Congressman Ron Paul, who is perhaps most well known for his career-long quests to rein in the Federal Reserve, published an interesting commentary this past week in his “Texas Straight Talk” series entitled “Interest Rates Are Prices.” Here at the Coalition to Reduce Spending, we’ve made it a point to touch upon the rarely discussed but centrally important concept of how artificially low interest rates encourage economically unsustainable behavior from not only the federal government, but private citizens as well. (For more on this, please read Coalition to Reduce Spending advisory board member Peter Schiff’s Washington Times piece, “The Real Fiscal Cliff“).
Touching further upon the important interest rates issue, Congressman Paul says:
Because the interest rate is the price of money, manipulation of interest rates has the same effect in the market for loanable funds as price controls have in markets for goods and services. Since demand for funds has increased, but the supply is not being increased, the only way to match the shortfall is to continue to create new credit. But this process cannot continue indefinitely. At some point the capital projects funded by the new credit are completed. Houses must be sold, mines must begin to produce ore, factories must begin to operate and produce consumer goods.
Congressman Paul makes an interesting analogy when he compares interest rates to price controls for goods and services. Certainly, one could see where this might be problematic in a long-term context.
As Paul states:
Because the coordination between savings and consumption was severed through the artificial lowering of the interest rate, both savers and borrowers have been signaled into unsustainable patterns of economic activity.
What does Congressman Paul mean by “unsustainable patterns of economic activity?” As he goes on to explain, resources that would have been put to use in more productive ways in a less manipulated system are allocated toward projects that are later found to be unprofitable, and thus, unsustainable. Paul posists that the only way for an economy to recover from this kind of manipulation is that the resources that have been invested in unproductive sectors need to be liquidated, instead of consistently propped up. And the latter has been standard practice for some time – only prolonging recessions, as Paul notes.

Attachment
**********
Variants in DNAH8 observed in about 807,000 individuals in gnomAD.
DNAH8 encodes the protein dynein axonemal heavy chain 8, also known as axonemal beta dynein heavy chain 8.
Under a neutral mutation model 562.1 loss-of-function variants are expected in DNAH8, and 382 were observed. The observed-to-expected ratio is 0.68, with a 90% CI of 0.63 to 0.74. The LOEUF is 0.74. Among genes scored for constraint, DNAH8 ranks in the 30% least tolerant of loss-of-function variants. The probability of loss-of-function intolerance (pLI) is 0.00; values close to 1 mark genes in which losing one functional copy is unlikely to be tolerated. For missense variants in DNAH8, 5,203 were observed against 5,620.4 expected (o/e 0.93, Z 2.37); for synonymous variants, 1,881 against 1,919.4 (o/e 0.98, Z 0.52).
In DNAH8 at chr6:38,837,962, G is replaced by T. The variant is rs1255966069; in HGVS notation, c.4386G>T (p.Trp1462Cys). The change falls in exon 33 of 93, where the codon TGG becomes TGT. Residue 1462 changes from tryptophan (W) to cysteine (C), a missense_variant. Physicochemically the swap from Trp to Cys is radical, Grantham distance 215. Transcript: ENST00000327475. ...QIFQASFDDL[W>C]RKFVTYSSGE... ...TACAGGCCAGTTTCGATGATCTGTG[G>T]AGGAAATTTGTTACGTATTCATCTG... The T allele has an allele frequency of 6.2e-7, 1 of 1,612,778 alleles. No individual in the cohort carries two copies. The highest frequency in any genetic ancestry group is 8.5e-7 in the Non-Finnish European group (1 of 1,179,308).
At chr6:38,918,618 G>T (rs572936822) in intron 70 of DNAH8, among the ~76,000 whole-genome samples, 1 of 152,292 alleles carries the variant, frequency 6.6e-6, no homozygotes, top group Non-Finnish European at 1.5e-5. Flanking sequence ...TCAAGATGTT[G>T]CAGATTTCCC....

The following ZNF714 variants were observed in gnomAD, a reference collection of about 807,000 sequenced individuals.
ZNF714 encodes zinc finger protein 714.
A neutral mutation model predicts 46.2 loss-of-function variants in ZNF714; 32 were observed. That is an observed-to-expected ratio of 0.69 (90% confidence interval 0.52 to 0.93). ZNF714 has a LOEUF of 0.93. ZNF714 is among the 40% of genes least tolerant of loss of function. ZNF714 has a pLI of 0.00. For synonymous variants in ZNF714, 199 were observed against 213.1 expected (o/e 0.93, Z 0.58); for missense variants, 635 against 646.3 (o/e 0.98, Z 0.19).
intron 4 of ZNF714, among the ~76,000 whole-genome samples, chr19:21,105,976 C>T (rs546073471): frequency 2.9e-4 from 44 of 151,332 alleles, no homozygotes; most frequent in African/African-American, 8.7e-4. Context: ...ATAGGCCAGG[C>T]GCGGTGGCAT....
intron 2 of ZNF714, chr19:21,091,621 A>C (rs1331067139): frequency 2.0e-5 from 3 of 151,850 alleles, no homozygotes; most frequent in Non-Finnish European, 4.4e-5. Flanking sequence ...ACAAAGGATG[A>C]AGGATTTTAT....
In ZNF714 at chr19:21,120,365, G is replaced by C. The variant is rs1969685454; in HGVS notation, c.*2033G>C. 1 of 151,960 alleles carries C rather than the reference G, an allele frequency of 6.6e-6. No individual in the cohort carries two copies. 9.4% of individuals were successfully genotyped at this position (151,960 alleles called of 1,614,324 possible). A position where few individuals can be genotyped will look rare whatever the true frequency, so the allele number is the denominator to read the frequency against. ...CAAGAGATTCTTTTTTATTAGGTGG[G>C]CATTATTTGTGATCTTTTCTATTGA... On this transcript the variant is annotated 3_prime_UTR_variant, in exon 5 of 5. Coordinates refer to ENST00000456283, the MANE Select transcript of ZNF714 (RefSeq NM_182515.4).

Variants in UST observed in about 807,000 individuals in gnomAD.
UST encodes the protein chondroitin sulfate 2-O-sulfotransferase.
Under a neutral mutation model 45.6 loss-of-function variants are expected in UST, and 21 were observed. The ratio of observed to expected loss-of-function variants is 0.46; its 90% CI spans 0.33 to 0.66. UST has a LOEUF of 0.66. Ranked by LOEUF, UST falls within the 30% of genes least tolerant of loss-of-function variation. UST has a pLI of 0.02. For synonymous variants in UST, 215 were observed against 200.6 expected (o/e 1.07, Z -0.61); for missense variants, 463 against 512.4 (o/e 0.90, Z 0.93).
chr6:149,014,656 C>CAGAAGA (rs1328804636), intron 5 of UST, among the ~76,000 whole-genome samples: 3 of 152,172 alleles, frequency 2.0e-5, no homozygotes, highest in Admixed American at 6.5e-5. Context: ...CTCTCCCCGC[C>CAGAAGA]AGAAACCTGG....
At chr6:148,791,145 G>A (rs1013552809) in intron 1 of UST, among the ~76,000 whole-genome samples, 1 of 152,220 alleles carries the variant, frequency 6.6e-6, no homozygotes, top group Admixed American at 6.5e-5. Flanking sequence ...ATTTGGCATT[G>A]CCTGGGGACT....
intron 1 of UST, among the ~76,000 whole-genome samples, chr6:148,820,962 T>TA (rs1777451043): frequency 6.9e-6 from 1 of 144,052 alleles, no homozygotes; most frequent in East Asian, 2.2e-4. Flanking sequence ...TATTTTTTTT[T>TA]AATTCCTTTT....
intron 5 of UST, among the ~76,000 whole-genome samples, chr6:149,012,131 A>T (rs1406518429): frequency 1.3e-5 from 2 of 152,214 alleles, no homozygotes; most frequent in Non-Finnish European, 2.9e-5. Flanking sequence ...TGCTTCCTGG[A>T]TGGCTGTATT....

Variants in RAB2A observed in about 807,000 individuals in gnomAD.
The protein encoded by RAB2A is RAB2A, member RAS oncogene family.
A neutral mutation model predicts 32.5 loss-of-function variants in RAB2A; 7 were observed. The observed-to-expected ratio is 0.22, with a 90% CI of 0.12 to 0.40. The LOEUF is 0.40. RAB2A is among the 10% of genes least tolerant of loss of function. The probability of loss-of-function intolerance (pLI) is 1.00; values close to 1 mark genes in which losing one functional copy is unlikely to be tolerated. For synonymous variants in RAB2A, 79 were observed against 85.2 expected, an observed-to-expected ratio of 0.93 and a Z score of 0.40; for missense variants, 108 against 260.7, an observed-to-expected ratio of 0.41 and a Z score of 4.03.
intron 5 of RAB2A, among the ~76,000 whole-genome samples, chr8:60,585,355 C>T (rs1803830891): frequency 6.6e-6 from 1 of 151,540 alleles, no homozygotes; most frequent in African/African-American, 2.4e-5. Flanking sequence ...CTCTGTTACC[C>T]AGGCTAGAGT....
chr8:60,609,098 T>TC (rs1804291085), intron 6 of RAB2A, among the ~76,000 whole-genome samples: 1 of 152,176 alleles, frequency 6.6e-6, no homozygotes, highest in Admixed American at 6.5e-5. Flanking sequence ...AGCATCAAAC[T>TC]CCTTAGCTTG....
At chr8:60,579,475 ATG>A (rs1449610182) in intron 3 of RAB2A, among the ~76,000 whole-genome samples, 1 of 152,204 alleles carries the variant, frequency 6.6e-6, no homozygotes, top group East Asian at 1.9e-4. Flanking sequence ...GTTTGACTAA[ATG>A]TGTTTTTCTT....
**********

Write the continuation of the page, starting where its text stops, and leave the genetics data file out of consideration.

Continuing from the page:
Additionally, as Paul explains:
Another effect of the injections of credit into the system is that prices rise. More money chasing the same amount of goods results in a rise in prices. Wall Street and the banking system gain the use of the new credit before prices rise. Main Street, however, sees the prices rise before they are able to take advantage of the newly-created credit. The purchasing power of the dollar is eroded and the standard of living of the American people drops.
Certainly, there has been a correlation between rising prices and increased credit injection into the system, and there’s no doubt that with a stagnant economy and the purchasing price of the dollar decreased, that the American people are adversely impacted. At the Coalition to Reduce Spending, we’re very concerned about the fact that so much money is being reallocated from productive sectors of the economy to serve the interests of well-connected central planners at the expense of honest taxpayers.
Current economic conditions demonstrate that the central planning in Washington, which has unfortunately been promoted in large part by both major parties, is not only not working – it’s harming everyday Americans. It’s time to reduce spending and manipulation in DC, and to put more resources back in the hands of the American people. After all, our national debt already divides up at $51,000 per citizen and $140,000 per taxpayer – and will increase exponentially if Americans do not demand a serious change of course in Washington immediately.